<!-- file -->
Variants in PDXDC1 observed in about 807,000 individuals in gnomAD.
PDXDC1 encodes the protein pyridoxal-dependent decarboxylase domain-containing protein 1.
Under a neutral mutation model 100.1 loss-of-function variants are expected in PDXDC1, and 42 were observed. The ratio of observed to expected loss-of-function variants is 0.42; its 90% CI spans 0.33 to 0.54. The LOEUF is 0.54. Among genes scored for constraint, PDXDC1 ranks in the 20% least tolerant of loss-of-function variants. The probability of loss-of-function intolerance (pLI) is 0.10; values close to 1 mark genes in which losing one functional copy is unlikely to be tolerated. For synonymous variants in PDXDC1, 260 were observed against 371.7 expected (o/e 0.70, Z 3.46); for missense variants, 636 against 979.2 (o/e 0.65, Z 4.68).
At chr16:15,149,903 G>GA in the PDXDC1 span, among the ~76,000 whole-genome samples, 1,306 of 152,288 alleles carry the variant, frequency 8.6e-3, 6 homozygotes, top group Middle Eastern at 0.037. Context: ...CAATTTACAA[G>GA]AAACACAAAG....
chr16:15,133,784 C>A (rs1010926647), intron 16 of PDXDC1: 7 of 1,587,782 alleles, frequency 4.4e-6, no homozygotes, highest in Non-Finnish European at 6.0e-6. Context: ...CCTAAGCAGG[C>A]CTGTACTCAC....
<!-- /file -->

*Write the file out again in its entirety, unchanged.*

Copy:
Variants in PDXDC1 observed in about 807,000 individuals in gnomAD.
PDXDC1 encodes the protein pyridoxal-dependent decarboxylase domain-containing protein 1.
Under a neutral mutation model 100.1 loss-of-function variants are expected in PDXDC1, and 42 were observed. The ratio of observed to expected loss-of-function variants is 0.42; its 90% CI spans 0.33 to 0.54. The LOEUF is 0.54. Among genes scored for constraint, PDXDC1 ranks in the 20% least tolerant of loss-of-function variants. The probability of loss-of-function intolerance (pLI) is 0.10; values close to 1 mark genes in which losing one functional copy is unlikely to be tolerated. For synonymous variants in PDXDC1, 260 were observed against 371.7 expected (o/e 0.70, Z 3.46); for missense variants, 636 against 979.2 (o/e 0.65, Z 4.68).
At chr16:15,149,903 G>GA in the PDXDC1 span, among the ~76,000 whole-genome samples, 1,306 of 152,288 alleles carry the variant, frequency 8.6e-3, 6 homozygotes, top group Middle Eastern at 0.037. Context: ...CAATTTACAA[G>GA]AAACACAAAG....
chr16:15,133,784 C>A (rs1010926647), intron 16 of PDXDC1: 7 of 1,587,782 alleles, frequency 4.4e-6, no homozygotes, highest in Non-Finnish European at 6.0e-6. Context: ...CCTAAGCAGG[C>A]CTGTACTCAC....